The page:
Adrian Bejan was invited to a TEDx MidAthlantic to talk about his concept regarding the physics that rules nature and society. In numerous examples the speaker outlines the various effects explained with physics and its basic principles to be used in predicting the development of some points under scrutiny.
He starts with drawing the generalized picture that nature takes the easiest way to develop. Rivers flow not randomly as physics rules this process. Water and wind erosion is what constructed the Great Canyon with the flow of time.
Bejan mentions that this basic physical rule applied to different natural and social structures is called Constructional Law. The design is a set of patterns that repeat as they reside on the same core physical measures. The speaker exemplifies insects, birds, and aircrafts, that perform not equally but similarly, i.e. the design of their movements repeats. The Constructional Law takes into account their body mass and allows making conclusion that bigger objects tend to move faster and take longer distances. Flying, running, and swimming are activities where body mass makes a difference with certain implications such as bigger objects need to make fewer movements to move. He proceeds with a human example. Sprints and swimmers become winners when their body mass is bigger.
The next implication from his theory is that we evolve because we are pushed. This conclusion also comes from physics. Here the speaker shows the transportation map tracked with the help of thermodynamics. The planes move through the most used routes and leave the hottest track. This proves that moving is hierarchical; and the route is chosen because it is the easiest way of travelling. A similar example was used in early architecture. When the house was built, the locals had to walk on the ground leaving tracks. The most beaten tracks were later to become paved roads. The architects let the natural trajectory to show itself rather than forcing people to take the route that could be found uncomfortable.
Another interesting concept is wealth. Adrian Bejan states that wealth is not something intangible. It can be measured by the energy use. He makes it possible by means of physics. He shows several clouds that depict the dependence between fuel consumption and wealth of different nation. As the cloud shows, Switzerland has the highest GDP per capita as well as the highest energy consumption per capita. One of the lowest ranks was given to India. The other fuel-based analysis concerns the freedom to change.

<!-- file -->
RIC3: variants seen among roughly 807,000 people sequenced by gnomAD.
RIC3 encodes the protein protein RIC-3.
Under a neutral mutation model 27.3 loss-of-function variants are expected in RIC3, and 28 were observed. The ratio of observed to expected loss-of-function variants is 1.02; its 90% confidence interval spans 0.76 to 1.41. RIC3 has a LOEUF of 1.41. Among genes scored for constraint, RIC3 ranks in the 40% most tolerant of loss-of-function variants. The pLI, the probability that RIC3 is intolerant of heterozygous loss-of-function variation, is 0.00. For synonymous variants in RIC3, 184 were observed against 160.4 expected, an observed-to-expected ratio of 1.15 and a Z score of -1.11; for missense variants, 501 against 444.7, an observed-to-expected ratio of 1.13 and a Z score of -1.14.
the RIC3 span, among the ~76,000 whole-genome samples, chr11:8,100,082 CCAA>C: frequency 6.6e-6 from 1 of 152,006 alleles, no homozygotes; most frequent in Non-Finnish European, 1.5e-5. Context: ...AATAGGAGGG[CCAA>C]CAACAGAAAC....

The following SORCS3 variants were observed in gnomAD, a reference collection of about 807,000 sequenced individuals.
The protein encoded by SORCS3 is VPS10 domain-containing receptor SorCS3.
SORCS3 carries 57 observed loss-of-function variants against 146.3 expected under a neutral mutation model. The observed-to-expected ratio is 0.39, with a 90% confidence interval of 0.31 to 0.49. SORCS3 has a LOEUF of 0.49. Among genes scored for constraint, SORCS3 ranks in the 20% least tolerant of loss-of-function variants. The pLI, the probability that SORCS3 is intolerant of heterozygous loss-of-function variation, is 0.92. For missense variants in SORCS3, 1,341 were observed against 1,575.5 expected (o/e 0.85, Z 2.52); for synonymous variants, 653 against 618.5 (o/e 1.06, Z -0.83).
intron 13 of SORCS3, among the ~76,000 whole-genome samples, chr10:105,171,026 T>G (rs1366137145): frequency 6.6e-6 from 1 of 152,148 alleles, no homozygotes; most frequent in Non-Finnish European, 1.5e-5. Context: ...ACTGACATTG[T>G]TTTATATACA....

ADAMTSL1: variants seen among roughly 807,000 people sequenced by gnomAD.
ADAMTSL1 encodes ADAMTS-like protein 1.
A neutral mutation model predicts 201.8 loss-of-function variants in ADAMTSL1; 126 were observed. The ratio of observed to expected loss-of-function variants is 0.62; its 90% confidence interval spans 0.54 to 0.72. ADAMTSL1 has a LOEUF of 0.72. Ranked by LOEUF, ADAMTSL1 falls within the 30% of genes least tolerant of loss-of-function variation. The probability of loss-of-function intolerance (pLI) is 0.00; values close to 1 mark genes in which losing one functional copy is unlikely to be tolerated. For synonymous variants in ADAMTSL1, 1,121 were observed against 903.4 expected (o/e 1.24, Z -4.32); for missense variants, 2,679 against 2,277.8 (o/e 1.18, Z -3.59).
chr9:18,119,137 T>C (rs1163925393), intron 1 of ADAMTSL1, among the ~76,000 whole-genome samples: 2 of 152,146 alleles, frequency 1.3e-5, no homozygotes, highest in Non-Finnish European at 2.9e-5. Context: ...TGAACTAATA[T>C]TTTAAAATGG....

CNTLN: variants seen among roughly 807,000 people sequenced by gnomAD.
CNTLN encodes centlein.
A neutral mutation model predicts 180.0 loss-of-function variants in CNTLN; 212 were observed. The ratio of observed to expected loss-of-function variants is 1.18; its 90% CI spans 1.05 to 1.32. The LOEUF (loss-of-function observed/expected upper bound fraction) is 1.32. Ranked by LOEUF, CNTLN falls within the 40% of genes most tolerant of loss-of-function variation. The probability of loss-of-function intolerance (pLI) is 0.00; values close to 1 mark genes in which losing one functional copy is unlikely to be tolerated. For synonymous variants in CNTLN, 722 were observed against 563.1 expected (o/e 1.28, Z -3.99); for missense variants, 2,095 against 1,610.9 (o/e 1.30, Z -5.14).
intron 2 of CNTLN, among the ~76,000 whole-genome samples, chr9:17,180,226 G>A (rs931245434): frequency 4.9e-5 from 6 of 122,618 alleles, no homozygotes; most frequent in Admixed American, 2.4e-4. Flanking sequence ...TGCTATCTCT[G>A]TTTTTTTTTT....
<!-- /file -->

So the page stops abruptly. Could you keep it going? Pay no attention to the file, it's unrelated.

In the conclusion, the author defines two types of countries free and rigid to change. In the perspective of those two types, the future belongs to those countries that open more channels. Countries may succeed with more liberated flows, e.g. education, technology, law, and government. Adrian Bejan highlights that physics can be applied not only directly in the primary area, but the concepts of design and with application of Constructional Law, we can build better societies. He puts it short, “It’s Physics, not opinion.”
The video provides interesting insights into the work of various systems. The application can be found in sciences, technology, and humanity sciences. The idea of universal patterns is overwhelming. It is rather surprising that people, rivers, and animals move in tune with natural design. Moreover, technological examples like electronics or tracks of planes contribute to the concept of constructional law. Two clouds of countries and their wealth calculated with their use of energy was interesting. However, if the speaker states that whole societies could be changed with the use of this law, sprinters and planes are very distant examples. It would be rather educating to see the real examples of application of this law to society through education, for example.